The jockeying on college mergers and other controversial ideas was over. The mood now was jovial.

Opinions vary among legislators on whether the failure of so many of the governor’s proposals was a personal strike against him. However, numerous legislators said a surge of independence in the House clashed with the governor’s aloof management style.

“He swung for the fences and he hit a few home runs, but he also struck out a few times,” said state Rep. Mert Smiley, R-St. Amant.

“If he got personally involved in some of the more important bills, he could’ve gotten them passed,” Smiley added.

State Rep. Ernest Wooton, No Party-Belle Chasse, said the governor has wonderful intentions, but tends to be a little too conservative for his own good.

“He needs to listen a little bit more. He’s 40 years old. I’ll be 70 in October,” Wooton said.

State Rep. Walt Leger III, D-New Orleans, said communication is better when it is done months before session, instead of days before.

“Responsible public servants want to work together and don’t want to be force-fed solutions,” Leger said.

State Sen. Gerald Long, R-Winnfield, said he usually stands with the governor but could not go along with the prison sales. He said his constituents made it clear they opposed the proposal.

Long sponsored legislation on the governor’s behalf to give him the ability to cut more deeply during a budget deficit. That legislation died in a House committee.

“I think it just was a contentious, cautious House that looked at the administration bills,” Long said.

State Sen. Robert Adley, R-Benton and a frequent critic of the governor, said the Jindal administration needs to work with legislators.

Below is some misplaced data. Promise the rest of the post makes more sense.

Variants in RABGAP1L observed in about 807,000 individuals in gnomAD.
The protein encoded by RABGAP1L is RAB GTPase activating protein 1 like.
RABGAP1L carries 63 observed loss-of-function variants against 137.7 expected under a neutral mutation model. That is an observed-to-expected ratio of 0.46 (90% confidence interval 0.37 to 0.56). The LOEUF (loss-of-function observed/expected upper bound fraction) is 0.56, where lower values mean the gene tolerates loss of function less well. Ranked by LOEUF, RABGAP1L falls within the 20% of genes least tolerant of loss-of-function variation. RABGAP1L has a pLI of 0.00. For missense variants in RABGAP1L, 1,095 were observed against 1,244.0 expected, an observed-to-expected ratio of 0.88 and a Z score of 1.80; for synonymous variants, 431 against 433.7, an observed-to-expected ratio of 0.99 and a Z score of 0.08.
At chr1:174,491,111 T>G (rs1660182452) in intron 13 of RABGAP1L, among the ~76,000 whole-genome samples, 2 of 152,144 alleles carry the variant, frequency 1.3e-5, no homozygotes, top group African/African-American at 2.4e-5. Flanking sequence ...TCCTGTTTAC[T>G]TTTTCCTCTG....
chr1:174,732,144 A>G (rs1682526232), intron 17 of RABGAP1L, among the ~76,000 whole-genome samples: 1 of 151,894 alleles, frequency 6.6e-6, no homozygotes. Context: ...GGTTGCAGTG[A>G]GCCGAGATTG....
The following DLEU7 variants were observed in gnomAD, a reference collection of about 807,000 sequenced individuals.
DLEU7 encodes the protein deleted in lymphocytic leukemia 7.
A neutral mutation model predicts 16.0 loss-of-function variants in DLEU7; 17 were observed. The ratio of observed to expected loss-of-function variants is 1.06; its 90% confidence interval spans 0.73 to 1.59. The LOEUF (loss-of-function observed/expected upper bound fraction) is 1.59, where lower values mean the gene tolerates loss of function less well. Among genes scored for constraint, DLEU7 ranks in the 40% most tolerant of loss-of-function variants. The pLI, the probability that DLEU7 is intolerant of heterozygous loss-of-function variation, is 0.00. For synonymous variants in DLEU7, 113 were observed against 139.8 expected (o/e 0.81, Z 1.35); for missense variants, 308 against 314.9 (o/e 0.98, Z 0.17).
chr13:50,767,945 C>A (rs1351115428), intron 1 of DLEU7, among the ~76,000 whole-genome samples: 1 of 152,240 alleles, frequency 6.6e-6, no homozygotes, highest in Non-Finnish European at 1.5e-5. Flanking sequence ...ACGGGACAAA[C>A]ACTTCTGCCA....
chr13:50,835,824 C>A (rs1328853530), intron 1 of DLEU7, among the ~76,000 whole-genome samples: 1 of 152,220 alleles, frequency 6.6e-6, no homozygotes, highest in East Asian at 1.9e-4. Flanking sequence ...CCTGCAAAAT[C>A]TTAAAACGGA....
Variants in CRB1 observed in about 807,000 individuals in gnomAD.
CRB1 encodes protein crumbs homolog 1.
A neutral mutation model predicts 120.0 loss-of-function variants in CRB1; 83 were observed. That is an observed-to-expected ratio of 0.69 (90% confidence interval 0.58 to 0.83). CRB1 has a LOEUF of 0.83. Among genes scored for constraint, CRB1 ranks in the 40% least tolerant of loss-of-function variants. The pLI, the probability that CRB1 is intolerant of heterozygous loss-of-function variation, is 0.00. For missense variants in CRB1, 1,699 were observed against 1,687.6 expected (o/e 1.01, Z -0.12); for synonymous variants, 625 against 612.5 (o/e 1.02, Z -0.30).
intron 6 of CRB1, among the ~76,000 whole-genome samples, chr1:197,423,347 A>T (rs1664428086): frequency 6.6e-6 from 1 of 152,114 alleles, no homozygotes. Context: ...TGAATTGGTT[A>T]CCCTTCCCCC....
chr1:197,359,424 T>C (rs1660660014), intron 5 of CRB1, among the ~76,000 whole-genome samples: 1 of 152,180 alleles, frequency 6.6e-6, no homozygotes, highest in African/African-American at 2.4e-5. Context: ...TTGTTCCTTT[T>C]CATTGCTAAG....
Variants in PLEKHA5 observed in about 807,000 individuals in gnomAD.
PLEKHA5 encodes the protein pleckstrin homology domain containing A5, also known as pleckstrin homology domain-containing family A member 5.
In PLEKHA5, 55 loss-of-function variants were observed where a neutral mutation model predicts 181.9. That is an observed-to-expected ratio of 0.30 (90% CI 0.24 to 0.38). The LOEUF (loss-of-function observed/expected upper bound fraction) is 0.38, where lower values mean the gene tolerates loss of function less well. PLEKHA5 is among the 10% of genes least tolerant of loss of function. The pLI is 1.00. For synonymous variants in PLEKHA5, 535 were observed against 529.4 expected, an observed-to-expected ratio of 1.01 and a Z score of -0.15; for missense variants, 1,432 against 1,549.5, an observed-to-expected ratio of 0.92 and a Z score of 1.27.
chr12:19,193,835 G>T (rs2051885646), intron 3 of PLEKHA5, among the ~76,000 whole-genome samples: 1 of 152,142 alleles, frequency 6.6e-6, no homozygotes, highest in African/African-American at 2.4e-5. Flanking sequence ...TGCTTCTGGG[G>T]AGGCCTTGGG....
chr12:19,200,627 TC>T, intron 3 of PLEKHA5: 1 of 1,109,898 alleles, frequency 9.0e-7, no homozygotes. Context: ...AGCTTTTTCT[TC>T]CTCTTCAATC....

“For the last three years, the governor’s staff has been very disrespectful of the Legislature. Sooner or later, that catches up with you,” Adley said.

Other Republican legislators give the governor credit for pushing controversial ideas.

State Sen. Buddy Shaw, R-Shreveport, said Jindal can make a case for the failures not being his fault.

“The session went OK, and I don’t think it’s going to be a detriment to him,” Shaw said.

State Rep. Bodi White, R-Central, said the prison sales plan was a tough proposal since prison workers strongly opposed the idea.

“Once you start a form of government and hire employees, you build a constituency,” he said.

White agreed with the governor that it often takes several years to implement big changes.

House Speaker Jim Tucker, R-Terrytown, said the genie is out of the bottle on the House’s independence. Among other things, the House resisted using one-time money, such as revenue from prison sales, to pay expenses that must be met year after year.

“Where the governor succeeded, he had solid policy. When it was not easy to explain, not thought out, or not communicated well with members of the Legislature, that’s where he failed,” Tucker said.

Marsha Shuler with the Capitol news bureau contributed to this report.